Archaeologists highlight DNA approach to unlocking historical mysteries

Archaeologists highlight DNA approach to unlocking historical mysteries

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China to facilitate foreign investment in domestic securities: official

2024-06-20 14:13 Last Updated At:14:37

China is devising means to further facilitate foreign institutional investments in its capital market and coordinate the opening-up of the interbank and exchange bond markets, said Zhu Hexin, deputy governor of the People's Bank of China, on Wednesday in east China's Shanghai.

As of the end of May, more than 1,100 overseas institutions from more than 70 countries and regions entered the domestic bond market. Their bond holdings have amounted to 4.3 trillion yuan (around 592.3 billion U.S. dollars), with an average annual growth rate of nearly 20 percent in the past five years.

Speaking at the Lujiazui Forum, a major financial sector gathering, Zhu noted China plans to simplify and improve fund management for the dollar-denominated Qualified Foreign Institutional Investor scheme (QFII) and its yuan-denominated sibling, RQFII.

The QFII and RQFII programs are designed to allow overseas investors to deploy funds into China's domestic capital markets.

"We are revising relevant fund management regulations to further simplify and improve the fund management of qualified foreign institutional investors, support the expansion of patient capital, and support domestic institutions in making cross-border investments. The State Administration of Foreign Exchange recently granted quotas totaling 2.27 billion U.S. dollars to 53 institutions under the QDII program, which enables Chinese investors to access foreign assets. Drawing on the experience of international financial centers, we will research and refine the cash pooling program integrating domestic and foreign currency management and support multinationals in establishing global or regional fund management centers in Shanghai," said Zhu, who is also the administrator for the State Administration of the Foreign Exchange of China.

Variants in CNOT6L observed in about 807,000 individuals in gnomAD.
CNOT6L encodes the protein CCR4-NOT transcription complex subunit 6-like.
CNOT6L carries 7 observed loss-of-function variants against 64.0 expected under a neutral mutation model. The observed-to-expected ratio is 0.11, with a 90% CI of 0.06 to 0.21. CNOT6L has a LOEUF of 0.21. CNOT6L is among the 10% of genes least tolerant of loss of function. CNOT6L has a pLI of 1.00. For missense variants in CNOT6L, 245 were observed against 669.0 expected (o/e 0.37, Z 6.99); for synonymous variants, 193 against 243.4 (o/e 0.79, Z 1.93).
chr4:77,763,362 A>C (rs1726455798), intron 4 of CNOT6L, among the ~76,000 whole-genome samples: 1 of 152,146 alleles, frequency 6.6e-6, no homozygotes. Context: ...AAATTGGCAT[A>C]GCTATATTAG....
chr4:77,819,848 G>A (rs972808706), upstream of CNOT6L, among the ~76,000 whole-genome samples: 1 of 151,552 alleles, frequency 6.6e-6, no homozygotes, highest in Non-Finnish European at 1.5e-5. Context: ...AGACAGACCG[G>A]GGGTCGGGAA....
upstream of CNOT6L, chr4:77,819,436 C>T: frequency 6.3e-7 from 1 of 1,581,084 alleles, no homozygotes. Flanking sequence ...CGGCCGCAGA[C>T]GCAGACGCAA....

To further boost China's financial market, Zhu underscored the need to leverage Shanghai's leading role in promoting China's financial opening up.

Shanghai has become the city with the highest concentration of foreign financial institutions in China, he said, noting that China has supported 163 multinationals in establishing fund pools in the city.

Efforts should be made to replicate and promote Shanghai's high-level opening-up policies to the Yangtze River Delta and even the whole country, to achieve greater breakthroughs in the integrated development of the Yangtze River Delta and forge new advantages for an open economy at a higher level, Zhu said.

China to facilitate foreign investment in domestic securities: official

China to facilitate foreign investment in domestic securities: official